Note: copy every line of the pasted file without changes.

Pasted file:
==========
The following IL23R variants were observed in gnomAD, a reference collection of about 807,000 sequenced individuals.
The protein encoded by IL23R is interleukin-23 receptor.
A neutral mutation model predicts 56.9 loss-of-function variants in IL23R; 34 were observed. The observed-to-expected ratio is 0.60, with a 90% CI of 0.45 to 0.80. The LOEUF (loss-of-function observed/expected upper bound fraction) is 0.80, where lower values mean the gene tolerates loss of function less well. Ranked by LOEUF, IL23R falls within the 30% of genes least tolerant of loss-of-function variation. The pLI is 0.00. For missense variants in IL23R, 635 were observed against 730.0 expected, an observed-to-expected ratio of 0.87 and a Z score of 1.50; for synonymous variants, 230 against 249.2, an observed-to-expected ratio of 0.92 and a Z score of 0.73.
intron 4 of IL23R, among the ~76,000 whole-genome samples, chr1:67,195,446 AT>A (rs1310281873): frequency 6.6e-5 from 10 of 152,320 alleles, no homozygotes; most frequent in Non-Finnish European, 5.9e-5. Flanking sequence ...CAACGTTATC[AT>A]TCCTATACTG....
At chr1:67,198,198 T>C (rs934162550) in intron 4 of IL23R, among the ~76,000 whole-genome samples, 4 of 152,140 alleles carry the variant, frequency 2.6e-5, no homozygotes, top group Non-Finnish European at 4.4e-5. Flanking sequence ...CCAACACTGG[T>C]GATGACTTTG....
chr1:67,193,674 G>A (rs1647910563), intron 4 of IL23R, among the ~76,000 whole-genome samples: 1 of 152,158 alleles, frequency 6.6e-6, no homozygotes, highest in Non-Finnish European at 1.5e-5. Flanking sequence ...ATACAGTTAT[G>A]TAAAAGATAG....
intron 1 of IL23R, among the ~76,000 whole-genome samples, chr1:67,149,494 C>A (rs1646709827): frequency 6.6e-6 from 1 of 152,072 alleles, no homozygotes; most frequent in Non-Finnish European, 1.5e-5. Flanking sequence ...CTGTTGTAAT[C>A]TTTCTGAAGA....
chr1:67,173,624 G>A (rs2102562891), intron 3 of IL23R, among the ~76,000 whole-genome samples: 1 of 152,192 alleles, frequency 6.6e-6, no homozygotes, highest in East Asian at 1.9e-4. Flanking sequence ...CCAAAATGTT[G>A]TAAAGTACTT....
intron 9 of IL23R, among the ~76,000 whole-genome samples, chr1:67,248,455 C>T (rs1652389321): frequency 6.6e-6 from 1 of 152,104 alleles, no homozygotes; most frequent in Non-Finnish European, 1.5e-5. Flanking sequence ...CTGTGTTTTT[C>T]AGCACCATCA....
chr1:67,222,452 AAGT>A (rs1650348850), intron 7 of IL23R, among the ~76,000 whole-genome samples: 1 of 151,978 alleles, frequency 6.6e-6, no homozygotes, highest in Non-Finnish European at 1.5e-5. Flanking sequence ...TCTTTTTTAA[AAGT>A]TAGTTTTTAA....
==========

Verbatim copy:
The following IL23R variants were observed in gnomAD, a reference collection of about 807,000 sequenced individuals.
The protein encoded by IL23R is interleukin-23 receptor.
A neutral mutation model predicts 56.9 loss-of-function variants in IL23R; 34 were observed. The observed-to-expected ratio is 0.60, with a 90% CI of 0.45 to 0.80. The LOEUF (loss-of-function observed/expected upper bound fraction) is 0.80, where lower values mean the gene tolerates loss of function less well. Ranked by LOEUF, IL23R falls within the 30% of genes least tolerant of loss-of-function variation. The pLI is 0.00. For missense variants in IL23R, 635 were observed against 730.0 expected, an observed-to-expected ratio of 0.87 and a Z score of 1.50; for synonymous variants, 230 against 249.2, an observed-to-expected ratio of 0.92 and a Z score of 0.73.
intron 4 of IL23R, among the ~76,000 whole-genome samples, chr1:67,195,446 AT>A (rs1310281873): frequency 6.6e-5 from 10 of 152,320 alleles, no homozygotes; most frequent in Non-Finnish European, 5.9e-5. Flanking sequence ...CAACGTTATC[AT>A]TCCTATACTG....
At chr1:67,198,198 T>C (rs934162550) in intron 4 of IL23R, among the ~76,000 whole-genome samples, 4 of 152,140 alleles carry the variant, frequency 2.6e-5, no homozygotes, top group Non-Finnish European at 4.4e-5. Flanking sequence ...CCAACACTGG[T>C]GATGACTTTG....
chr1:67,193,674 G>A (rs1647910563), intron 4 of IL23R, among the ~76,000 whole-genome samples: 1 of 152,158 alleles, frequency 6.6e-6, no homozygotes, highest in Non-Finnish European at 1.5e-5. Flanking sequence ...ATACAGTTAT[G>A]TAAAAGATAG....
intron 1 of IL23R, among the ~76,000 whole-genome samples, chr1:67,149,494 C>A (rs1646709827): frequency 6.6e-6 from 1 of 152,072 alleles, no homozygotes; most frequent in Non-Finnish European, 1.5e-5. Flanking sequence ...CTGTTGTAAT[C>A]TTTCTGAAGA....
chr1:67,173,624 G>A (rs2102562891), intron 3 of IL23R, among the ~76,000 whole-genome samples: 1 of 152,192 alleles, frequency 6.6e-6, no homozygotes, highest in East Asian at 1.9e-4. Flanking sequence ...CCAAAATGTT[G>A]TAAAGTACTT....
intron 9 of IL23R, among the ~76,000 whole-genome samples, chr1:67,248,455 C>T (rs1652389321): frequency 6.6e-6 from 1 of 152,104 alleles, no homozygotes; most frequent in Non-Finnish European, 1.5e-5. Flanking sequence ...CTGTGTTTTT[C>T]AGCACCATCA....
chr1:67,222,452 AAGT>A (rs1650348850), intron 7 of IL23R, among the ~76,000 whole-genome samples: 1 of 151,978 alleles, frequency 6.6e-6, no homozygotes, highest in Non-Finnish European at 1.5e-5. Flanking sequence ...TCTTTTTTAA[AAGT>A]TAGTTTTTAA....